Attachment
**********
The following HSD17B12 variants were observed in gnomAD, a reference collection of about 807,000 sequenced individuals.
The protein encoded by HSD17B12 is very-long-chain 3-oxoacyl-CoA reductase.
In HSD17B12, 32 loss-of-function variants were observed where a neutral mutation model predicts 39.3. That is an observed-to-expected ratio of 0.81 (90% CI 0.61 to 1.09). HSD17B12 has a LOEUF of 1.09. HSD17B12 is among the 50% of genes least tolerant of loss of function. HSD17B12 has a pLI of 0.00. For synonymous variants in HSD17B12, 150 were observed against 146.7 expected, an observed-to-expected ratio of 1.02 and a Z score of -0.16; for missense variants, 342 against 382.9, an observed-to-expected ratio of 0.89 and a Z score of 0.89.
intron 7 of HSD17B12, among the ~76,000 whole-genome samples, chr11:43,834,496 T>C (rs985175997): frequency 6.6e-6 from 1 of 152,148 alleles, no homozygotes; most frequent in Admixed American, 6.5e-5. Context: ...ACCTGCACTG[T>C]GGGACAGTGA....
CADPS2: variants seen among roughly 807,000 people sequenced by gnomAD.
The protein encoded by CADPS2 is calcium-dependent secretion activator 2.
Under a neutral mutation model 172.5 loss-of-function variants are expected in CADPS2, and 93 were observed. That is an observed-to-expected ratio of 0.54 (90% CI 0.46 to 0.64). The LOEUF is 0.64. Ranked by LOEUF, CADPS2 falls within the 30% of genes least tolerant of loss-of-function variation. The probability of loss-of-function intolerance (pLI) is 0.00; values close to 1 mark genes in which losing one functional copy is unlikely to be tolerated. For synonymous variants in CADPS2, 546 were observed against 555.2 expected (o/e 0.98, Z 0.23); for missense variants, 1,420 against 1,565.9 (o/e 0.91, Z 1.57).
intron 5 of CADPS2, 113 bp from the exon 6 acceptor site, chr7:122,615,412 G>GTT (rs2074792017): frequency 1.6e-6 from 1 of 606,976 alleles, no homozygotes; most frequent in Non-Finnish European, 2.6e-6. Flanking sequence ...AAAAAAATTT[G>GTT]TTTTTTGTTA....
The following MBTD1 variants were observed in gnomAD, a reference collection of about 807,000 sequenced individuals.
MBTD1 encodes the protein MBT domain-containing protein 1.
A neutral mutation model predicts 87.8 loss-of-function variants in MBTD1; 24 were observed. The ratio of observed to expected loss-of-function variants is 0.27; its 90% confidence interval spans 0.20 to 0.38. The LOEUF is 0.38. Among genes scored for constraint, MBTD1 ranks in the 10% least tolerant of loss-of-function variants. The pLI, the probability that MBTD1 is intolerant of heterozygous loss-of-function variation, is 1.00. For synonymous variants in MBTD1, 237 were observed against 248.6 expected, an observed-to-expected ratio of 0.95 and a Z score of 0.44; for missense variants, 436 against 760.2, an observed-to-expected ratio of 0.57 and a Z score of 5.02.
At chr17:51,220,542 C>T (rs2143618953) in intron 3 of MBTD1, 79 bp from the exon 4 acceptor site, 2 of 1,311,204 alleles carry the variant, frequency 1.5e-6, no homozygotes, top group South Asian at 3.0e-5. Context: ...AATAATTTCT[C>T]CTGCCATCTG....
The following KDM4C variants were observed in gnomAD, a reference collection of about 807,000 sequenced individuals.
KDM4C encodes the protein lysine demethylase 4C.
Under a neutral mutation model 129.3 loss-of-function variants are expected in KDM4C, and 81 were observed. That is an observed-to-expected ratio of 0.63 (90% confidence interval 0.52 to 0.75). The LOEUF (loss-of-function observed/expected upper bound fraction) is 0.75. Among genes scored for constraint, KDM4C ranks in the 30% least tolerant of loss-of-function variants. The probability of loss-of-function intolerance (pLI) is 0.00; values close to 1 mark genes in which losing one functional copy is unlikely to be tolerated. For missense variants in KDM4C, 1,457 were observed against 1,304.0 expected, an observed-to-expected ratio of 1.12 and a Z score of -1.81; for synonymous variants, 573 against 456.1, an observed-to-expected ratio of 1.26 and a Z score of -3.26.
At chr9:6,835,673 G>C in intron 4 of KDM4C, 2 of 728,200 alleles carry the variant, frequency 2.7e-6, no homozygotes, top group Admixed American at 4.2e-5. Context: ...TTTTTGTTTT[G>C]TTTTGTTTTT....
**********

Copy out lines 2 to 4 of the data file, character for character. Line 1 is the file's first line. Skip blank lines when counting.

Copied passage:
The protein encoded by HSD17B12 is very-long-chain 3-oxoacyl-CoA reductase.
In HSD17B12, 32 loss-of-function variants were observed where a neutral mutation model predicts 39.3. That is an observed-to-expected ratio of 0.81 (90% CI 0.61 to 1.09). HSD17B12 has a LOEUF of 1.09. HSD17B12 is among the 50% of genes least tolerant of loss of function. HSD17B12 has a pLI of 0.00. For synonymous variants in HSD17B12, 150 were observed against 146.7 expected, an observed-to-expected ratio of 1.02 and a Z score of -0.16; for missense variants, 342 against 382.9, an observed-to-expected ratio of 0.89 and a Z score of 0.89.
intron 7 of HSD17B12, among the ~76,000 whole-genome samples, chr11:43,834,496 T>C (rs985175997): frequency 6.6e-6 from 1 of 152,148 alleles, no homozygotes; most frequent in Admixed American, 6.5e-5. Context: ...ACCTGCACTG[T>C]GGGACAGTGA....